Ryan K. writes in response to ‘Keep religion out of science classes’. CMI—UK/Europe speaker and writer Dominic Statham responds in black.

For the most part, CMI writers seem to be in agreement with this statement [that we should keep religion out of science classes].

Although some creationists advocate something different altogether: separation of school and state.

They claim, however, that evolutionary theory does not qualify as ‘science’ and therefore should also be ousted from the public, secular school curriculum.

Since the theory of evolution exists and is believed by many people, it would seem inappropriate for students to leave school without knowing about it. Moreover, we have no problem with the teaching of natural selection and speciation in science classes, as these are well supported by observational evidence. Since there is no evidence that ordinary chemicals can evolve into living organisms or that apes can evolve into people, my view is that the theory of evolution should be taught in religious education or general studies classes.

If it is taught in science classes, it should be discussed in a balanced way. This would require that the students be allowed to hear of the considerable scientific problems with evolution theory as well as the evidence that supposedly supports it. Moreover, alternative views of origins, together with the scientific evidence for and against them, should also be presented.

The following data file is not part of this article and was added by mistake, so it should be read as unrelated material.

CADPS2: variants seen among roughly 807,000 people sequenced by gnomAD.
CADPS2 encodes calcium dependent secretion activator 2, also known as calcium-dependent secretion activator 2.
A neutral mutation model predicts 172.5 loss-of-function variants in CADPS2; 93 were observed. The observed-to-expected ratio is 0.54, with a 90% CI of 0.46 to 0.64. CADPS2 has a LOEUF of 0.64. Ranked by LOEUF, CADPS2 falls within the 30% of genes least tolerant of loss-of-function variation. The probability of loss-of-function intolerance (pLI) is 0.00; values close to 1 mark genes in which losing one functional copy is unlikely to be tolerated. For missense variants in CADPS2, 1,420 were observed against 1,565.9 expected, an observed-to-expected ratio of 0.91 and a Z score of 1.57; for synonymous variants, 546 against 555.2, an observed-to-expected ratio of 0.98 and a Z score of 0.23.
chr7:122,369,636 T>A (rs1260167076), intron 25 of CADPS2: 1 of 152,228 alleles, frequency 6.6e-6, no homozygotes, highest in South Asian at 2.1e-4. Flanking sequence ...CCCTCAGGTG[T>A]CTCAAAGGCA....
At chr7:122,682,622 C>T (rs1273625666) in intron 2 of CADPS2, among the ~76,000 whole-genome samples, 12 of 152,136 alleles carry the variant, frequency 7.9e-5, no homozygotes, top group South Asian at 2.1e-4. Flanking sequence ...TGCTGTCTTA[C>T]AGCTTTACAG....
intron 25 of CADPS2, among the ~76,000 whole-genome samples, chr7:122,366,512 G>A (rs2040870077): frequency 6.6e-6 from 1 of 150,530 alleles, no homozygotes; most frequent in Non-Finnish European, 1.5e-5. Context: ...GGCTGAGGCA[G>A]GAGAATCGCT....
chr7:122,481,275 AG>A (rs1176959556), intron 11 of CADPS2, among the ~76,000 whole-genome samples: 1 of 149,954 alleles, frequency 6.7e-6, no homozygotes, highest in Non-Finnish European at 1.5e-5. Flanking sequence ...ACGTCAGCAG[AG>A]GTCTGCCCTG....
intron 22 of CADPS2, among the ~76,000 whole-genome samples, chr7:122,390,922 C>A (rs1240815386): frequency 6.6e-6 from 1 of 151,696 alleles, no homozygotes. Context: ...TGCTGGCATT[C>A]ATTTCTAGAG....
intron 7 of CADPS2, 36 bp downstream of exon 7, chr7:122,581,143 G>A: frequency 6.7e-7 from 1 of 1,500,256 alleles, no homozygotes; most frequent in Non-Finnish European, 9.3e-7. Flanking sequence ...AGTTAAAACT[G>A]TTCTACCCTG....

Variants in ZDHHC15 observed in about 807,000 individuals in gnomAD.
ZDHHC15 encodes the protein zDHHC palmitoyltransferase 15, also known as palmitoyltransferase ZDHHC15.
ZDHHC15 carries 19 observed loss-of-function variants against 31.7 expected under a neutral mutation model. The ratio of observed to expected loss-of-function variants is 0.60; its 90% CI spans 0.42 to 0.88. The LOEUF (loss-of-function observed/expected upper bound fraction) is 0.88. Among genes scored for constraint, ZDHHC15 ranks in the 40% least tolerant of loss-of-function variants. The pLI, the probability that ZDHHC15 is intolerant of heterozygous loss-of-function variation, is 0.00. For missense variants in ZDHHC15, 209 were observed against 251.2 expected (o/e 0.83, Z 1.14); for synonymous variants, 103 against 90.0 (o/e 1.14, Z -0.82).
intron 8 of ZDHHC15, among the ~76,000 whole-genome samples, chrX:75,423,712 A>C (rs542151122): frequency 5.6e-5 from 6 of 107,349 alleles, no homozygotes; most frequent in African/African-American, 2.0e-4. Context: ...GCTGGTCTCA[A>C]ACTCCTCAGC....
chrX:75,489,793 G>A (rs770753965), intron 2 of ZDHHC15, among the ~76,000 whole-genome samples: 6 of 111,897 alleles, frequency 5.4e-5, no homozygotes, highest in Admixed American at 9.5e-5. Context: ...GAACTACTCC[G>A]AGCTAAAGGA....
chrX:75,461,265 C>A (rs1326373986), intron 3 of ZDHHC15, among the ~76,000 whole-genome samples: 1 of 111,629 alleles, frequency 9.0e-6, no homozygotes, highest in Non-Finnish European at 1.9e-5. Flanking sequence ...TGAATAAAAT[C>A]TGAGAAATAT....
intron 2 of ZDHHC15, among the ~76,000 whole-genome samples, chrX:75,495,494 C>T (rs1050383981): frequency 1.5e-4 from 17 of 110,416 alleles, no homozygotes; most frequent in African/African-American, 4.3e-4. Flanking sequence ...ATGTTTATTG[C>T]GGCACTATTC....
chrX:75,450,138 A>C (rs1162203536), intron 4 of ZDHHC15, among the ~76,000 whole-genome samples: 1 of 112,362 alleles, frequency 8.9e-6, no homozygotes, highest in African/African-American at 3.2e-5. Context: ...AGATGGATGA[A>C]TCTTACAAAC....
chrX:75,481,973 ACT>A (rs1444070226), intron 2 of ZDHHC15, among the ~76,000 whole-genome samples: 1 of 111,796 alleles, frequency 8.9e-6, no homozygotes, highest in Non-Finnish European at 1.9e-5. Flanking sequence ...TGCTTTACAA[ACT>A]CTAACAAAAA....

The late Professor G.A. Kerkut, an evolutionist and physiologist of Southampton University, challenged students to try to come up with scientific arguments against evolution. Most could not, and Kerkut argued that this is a deficiency, because if you “really understand an argument you will be able to indicate to me not only the points in favour of the argument but also the most telling points against it.” Conversely, a student who “repeats parrot fashion the views of the current Archbishop of Evolution” is really “behaving like certain of those religious students he affects to despise.”1….

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